• From A4A Cost Index2000: AirTran, America West, ATA, Frontier, JetBlue, Midway, National, Southwest, Spirit, Sun Country, Vanguard2005: AirTran, Allegiant, America West, Frontier, JetBlue, Southwest, Spirit, Sun Country, USA 30002010: AirTran, Allegiant, Frontier, JetBlue, Southwest, Spirit, Sun Country, USA 3000, Virgin America2012: Allegiant, Frontier, JetBlue, Southwest, Spirit, Sun Country, Virgin America
  • Endless debate about movements in airfares and ancillary services misses the key consumer question – are fares in line with costs and are they adequate to sustain air service and enable reinvestment?

Transcript

  • 1. 2013-2014 Winter Holiday Travel Forecast for U.S. Airlines John P. Heimlich Vice President & Chief Economist December 12, 2013
  • 2. Overview » Presentation of winter-holiday air travel forecast and key drivers of demand » Review of rising premium of jet fuel relative to gasoline and continued price volatility » Assessment of recent airline operational performance » Analysis of capital expenditures; preview of near-term product/customer investment » Measurement of TSA aviation-security productivity and USG call for additional taxes » Recap 2 airlines.org
  • 3. A4A Projects U.S. Airlines to Carry 44.3M Winter-Holiday Passengers in 2013-2014 Up 41,000 Passengers per Day, or 2 Percent, from Prior Year 2012-2013 2013-2014 21-Day Forecast Period Dec. 17-Jan. 6 Dec. 16-Jan. 5 Passengers: Total (Millions) 43.4 estimated 44.3 projected Passengers: Daily (Millions) 1.71 to 2.26 estimated 1.74 to 2.31 projected Busiest Days (in order) 12/21, 12/27, 12/20, 12/28 12/20, 12/27, 12/26, 1/3 Lightest Days (in order) 12/25, 12/24, 12/31, 1/5 12/25, 12/24, 12/31, 1/1 Load Factor (Seats Occupied) ~80 to ~90 percent varying by day Source: A4A, selected sample carriers and DOT T100 segment data 3 airlines.org
  • 4. Key Travel Forecast Drivers Trending Positively U.S. Economy (% CAGR) Expanding U.S. Job Growth (000) Accelerating 4.0 210 3.0 200 2.0 190 1.0 180 0.0 170 1Q13 2Q13 3Q13 Sep-13 Personal Incomes ($000) Rising Oct-13 Nov-13 Household Net Worth ($T) Growing $37.0 $78 $36.8 $77 $36.6 $76 $36.4 $75 $36.2 $74 $36.0 $73 1Q13 2Q13 1Q13 3Q13 2Q13 3Q13 Sources: BEA, BLS and Federal Reserve; U.S. GDP real annual average growth rate (%), U.S. nonfarm payroll employment growth (month-over-month, seasonally adjusted), U.S. disposable personal income per capita (chained 2009 dollars, seasonally adjusted annual rates); U.S. household net worth in current dollars, not seasonally adjusted 4 airlines.org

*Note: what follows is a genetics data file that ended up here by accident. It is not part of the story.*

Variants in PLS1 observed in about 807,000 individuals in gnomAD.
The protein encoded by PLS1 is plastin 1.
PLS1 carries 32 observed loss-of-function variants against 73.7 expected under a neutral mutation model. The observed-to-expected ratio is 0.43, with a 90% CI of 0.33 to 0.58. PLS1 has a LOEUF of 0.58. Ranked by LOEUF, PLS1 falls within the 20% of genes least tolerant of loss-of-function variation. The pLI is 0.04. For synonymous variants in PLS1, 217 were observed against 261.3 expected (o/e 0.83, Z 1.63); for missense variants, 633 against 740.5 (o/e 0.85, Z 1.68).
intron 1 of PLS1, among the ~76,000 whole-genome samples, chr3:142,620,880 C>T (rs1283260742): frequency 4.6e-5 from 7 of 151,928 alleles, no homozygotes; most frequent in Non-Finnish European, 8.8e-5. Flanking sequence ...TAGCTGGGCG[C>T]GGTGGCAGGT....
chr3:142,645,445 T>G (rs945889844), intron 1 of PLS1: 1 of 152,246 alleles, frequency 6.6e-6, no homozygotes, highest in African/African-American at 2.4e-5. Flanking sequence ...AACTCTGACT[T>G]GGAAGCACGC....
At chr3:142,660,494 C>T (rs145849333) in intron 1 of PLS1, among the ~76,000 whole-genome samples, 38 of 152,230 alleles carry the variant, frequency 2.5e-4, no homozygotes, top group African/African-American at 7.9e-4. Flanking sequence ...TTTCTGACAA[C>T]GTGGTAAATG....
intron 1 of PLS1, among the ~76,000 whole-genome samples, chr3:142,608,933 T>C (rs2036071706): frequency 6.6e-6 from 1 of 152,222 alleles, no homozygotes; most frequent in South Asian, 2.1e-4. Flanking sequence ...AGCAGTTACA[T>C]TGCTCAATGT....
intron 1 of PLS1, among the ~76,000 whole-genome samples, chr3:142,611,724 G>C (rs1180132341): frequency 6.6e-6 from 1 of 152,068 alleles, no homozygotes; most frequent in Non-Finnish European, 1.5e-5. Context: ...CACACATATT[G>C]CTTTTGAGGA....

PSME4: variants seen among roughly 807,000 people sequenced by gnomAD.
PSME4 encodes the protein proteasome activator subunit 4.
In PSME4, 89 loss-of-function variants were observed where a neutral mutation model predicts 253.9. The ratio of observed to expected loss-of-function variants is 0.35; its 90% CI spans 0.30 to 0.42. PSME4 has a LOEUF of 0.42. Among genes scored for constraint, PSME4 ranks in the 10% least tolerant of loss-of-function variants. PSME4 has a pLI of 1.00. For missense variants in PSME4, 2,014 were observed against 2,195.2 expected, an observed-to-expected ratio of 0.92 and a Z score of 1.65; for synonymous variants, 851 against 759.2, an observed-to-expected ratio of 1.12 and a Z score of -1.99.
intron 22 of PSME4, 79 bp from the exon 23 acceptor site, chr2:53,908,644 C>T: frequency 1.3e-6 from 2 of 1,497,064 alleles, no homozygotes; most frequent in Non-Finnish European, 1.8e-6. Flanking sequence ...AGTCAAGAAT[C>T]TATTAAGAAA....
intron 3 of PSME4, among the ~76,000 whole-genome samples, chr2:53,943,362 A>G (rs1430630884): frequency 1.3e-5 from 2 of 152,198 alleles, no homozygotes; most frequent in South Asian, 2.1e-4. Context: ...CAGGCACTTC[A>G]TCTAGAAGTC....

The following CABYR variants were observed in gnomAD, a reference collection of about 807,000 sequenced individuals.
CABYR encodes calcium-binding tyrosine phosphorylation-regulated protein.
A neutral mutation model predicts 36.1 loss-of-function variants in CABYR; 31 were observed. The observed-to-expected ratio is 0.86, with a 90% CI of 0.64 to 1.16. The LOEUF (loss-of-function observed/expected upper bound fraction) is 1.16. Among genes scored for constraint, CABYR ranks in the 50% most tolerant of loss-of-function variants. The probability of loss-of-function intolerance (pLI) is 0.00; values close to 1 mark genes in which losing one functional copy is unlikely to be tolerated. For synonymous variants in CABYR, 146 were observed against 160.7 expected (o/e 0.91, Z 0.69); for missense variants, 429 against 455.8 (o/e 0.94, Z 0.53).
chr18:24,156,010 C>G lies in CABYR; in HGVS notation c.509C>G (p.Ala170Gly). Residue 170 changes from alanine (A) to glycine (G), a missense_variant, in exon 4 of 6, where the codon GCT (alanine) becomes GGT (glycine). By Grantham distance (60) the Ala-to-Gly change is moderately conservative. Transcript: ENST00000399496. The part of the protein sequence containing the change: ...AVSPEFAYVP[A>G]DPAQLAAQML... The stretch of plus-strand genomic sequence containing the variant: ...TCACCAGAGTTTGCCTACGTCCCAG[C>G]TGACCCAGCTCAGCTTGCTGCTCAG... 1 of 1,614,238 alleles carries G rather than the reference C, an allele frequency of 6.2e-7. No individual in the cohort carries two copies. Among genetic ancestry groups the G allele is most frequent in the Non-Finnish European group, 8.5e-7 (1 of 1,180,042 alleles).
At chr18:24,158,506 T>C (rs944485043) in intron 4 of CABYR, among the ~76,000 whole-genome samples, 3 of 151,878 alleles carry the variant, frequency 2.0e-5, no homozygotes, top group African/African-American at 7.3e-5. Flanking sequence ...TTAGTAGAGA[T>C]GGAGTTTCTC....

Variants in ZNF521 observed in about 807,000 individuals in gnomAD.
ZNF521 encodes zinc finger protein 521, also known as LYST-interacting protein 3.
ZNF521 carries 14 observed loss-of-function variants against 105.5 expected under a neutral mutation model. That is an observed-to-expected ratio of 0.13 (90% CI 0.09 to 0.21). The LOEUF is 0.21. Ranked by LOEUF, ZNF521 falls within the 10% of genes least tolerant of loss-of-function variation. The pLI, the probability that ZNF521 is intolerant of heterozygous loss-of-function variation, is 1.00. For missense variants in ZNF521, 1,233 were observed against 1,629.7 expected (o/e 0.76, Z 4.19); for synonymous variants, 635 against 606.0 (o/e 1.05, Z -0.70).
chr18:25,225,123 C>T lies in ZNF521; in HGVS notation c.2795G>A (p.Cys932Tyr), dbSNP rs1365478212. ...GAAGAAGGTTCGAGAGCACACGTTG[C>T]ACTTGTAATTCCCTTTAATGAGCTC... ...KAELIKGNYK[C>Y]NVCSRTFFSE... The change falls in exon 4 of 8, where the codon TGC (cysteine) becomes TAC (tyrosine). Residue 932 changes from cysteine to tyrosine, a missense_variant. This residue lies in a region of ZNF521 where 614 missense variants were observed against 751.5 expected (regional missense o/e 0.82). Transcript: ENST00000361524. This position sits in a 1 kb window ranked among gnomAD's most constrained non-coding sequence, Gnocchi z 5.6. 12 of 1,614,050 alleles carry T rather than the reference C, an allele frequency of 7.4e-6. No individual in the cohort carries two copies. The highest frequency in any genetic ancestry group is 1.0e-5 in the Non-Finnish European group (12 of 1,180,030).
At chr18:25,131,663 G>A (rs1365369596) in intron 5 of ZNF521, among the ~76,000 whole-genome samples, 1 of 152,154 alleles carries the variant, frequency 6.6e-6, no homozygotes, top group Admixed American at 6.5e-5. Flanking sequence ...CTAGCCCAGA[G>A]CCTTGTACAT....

• 5. U.S. Jet-Fuel Prices Have Reached Their Highest Level in Three Months Jet Fuel Has Averaged 38¢ More Than Gasoline over Past 14 Weeks, Peaking at 47¢ Jet Fuel vs. Motor Gasoline Weekly Average Price per Gallon Jet Fuel Price Volatility Daily Average Price per Gallon $3.25 $3.15 $3.10 $3.05 $3.00 $2.95 $2.90 $2.85 $2.80 $2.75 $2.70 27-Dec-13 13-Dec-13 29-Nov-13 15-Nov-13 1-Nov-13 18-Oct-13 4-Oct-13 -22¢ 20-Sep-13 3-Jan-14 13-Dec-13 22-Nov-13 1-Nov-13 11-Oct-13 20-Sep-13 30-Aug-13 9-Aug-13 19-Jul-13 28-Jun-13 $2.25 +23¢ 6-Sep-13 $2.45 -36¢ 23-Aug-13 $2.65 +17¢ 9-Aug-13 +47¢ $2.85 +39¢ 26-Jul-13 $3.05 12-Jul-13 Jet 28-Jun-13 Gasoline Source: A4A and Energy Information Administration (U.S. Gulf Coast spot prices) 5 airlines.org
  • 6. Fall Operations Remain Strong, with U.S. Airlines Completing More Than 99 Percent of Scheduled Flights and Arriving On Time at a Rate of 84 Percent DOT: “October Airline Service Improved from Previous Year in all Major Categories” Flight Completion Rate (%) On-Time Arrival Rate (%) 2012 2013 2012 2013 September 99.2 99.1 83.3 83.8 October 97.2 99.4 80.2 84.1 November 99.0 TBD 85.7 TBD December 98.4 TBD 76.6 TBD Sources: DOT Air Travel Consumer Report (http://www.dot.gov/airconsumer/air-travel-consumer-reports) and masFlight 6 airlines.org